The thing to get at Tacos Leo is the tacos al pastor. They cut the meat from a rotating spit (probably more popular in correlation with gyros and shawarmas). There’s a whole pineapple spiked on top of the spit, from which a small piece is sliced along with generous portions of the meat onto small corn tortillas – very traditional al pastor. The meat itself had a red-ish outside hue, not too different from Chinese char-siu. It was good by itself, but even better with the assorted salsas and condiments from the self-serve bar next to the truck (go for the guacamole sauce). Very nice.

As is the case with a place like Fab Hot Dogs, I’m not sure if I’d go too far out of my way for this. But if you’re hungry and headed home from SGV or wherever on the 10W, I strongly advise you to exit at La Brea and pay Tacos Leo a visit. You won’t regret experiencing a slice of LA life, courtesy of the delicious slices of al pastor. Oh, and it’s $1 per taco. I didn’t stutter…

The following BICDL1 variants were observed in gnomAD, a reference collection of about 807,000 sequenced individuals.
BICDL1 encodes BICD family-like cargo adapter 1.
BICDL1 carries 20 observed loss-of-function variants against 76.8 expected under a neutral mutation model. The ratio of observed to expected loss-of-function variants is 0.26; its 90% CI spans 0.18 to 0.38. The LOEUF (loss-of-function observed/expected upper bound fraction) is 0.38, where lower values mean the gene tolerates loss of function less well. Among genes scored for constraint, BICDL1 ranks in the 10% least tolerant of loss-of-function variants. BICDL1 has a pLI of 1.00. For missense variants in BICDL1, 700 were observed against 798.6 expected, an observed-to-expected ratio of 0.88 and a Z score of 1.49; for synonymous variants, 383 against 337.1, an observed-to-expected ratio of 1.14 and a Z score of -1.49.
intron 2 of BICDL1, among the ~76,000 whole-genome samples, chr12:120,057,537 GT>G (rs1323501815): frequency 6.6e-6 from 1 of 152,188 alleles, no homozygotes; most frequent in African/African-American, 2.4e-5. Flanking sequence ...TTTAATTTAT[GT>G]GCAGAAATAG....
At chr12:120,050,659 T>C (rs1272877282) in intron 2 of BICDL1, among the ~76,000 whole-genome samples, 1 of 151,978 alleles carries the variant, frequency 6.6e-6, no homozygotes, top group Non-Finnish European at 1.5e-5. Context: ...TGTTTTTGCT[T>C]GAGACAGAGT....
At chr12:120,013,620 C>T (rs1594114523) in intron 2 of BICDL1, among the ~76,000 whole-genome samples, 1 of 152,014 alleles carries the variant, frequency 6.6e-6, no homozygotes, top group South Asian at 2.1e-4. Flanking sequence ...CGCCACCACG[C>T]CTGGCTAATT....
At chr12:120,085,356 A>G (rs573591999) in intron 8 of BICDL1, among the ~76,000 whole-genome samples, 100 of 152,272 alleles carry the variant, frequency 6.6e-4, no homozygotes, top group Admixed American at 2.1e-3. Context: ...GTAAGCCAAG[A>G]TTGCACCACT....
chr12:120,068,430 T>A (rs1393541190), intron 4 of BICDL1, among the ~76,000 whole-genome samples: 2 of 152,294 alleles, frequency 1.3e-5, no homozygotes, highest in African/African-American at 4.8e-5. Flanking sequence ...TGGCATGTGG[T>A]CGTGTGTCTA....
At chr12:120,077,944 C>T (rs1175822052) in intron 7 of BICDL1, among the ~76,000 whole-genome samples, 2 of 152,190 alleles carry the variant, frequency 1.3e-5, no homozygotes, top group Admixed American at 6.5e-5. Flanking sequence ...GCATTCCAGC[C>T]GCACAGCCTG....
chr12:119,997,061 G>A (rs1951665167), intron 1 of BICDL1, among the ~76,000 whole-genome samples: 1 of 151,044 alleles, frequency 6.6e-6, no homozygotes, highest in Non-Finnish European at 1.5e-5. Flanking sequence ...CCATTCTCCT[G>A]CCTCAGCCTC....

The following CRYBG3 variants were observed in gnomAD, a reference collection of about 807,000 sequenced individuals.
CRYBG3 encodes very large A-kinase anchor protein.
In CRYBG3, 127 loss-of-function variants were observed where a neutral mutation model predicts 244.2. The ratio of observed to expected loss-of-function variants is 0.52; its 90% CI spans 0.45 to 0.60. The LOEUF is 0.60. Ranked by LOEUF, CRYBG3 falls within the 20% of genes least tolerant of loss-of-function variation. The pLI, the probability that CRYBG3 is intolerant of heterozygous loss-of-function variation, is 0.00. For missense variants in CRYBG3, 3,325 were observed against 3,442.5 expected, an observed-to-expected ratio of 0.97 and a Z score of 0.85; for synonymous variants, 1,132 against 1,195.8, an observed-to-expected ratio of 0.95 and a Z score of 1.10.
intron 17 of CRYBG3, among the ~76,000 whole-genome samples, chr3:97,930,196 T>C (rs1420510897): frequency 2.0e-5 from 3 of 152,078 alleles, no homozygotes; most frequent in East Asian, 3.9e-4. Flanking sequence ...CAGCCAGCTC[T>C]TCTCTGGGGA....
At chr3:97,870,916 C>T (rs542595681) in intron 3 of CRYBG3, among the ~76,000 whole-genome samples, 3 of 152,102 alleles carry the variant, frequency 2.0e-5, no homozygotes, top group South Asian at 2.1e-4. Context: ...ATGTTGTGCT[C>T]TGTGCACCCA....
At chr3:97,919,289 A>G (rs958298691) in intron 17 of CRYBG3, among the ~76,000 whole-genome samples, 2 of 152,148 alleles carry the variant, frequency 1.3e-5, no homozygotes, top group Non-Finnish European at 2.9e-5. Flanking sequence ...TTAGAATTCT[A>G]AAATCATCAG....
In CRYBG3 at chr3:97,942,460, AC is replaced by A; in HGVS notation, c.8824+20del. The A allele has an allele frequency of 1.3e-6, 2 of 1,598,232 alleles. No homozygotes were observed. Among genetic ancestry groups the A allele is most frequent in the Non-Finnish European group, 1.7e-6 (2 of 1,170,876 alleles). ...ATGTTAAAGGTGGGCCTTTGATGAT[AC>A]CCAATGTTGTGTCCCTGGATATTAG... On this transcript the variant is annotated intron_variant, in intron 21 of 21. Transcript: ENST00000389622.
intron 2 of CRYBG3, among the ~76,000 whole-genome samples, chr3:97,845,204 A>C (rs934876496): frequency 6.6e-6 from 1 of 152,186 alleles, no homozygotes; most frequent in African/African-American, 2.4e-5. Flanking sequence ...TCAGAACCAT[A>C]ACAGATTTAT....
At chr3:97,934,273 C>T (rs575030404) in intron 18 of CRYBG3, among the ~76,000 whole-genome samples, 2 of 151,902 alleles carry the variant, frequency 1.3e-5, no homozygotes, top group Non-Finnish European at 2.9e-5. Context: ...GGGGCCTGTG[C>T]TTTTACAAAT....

Chris Hei grade: B+

Tacos Leo
Corner of La Brea Blvd & Venice Blvd

Tacos Leo on Urbanspoon

Anchos Southwest Grill & Bar


Came here with the Diaz family (Greg and his parents) and Jen on a random Tuesday (since Riverside’s between us and Greg’s parents in Moreno Valley). It was nice catching up with my non-Asian family. Anchos is basically your run-of-the-mill, somewhat Americanized, Mexican cantina-type of place (think Acapulco), with requisite giant portions of dishes. But Anchos manages to stand out due to some solid execution and great service. They even make tortillas fresh (it was flour though), right in the middle of the dining room, and serve them like bread service in addition to the standard chips and salsa (pretty cool).

I ordered the chicken fajitas and chile relleno combination. The fajitas were solid – nothing amazing, but tasted pretty good and went well with the aforementioned tortillas. The giant chile relleno had a very thick batter and was slathered with plenty of cheese and sauce, but ended up working for me. Obviously, I was stuffed after eating so much, and left satisfied. Good thing, because it was a long ride back to West LA…

Chris Hei grade: B-

Anchos Southwest Grill & Bar
10773 Hole Ave
Riverside, CA 92505
(951) 352-0240

Anchos Southwest Grill & Bar on Urbanspoon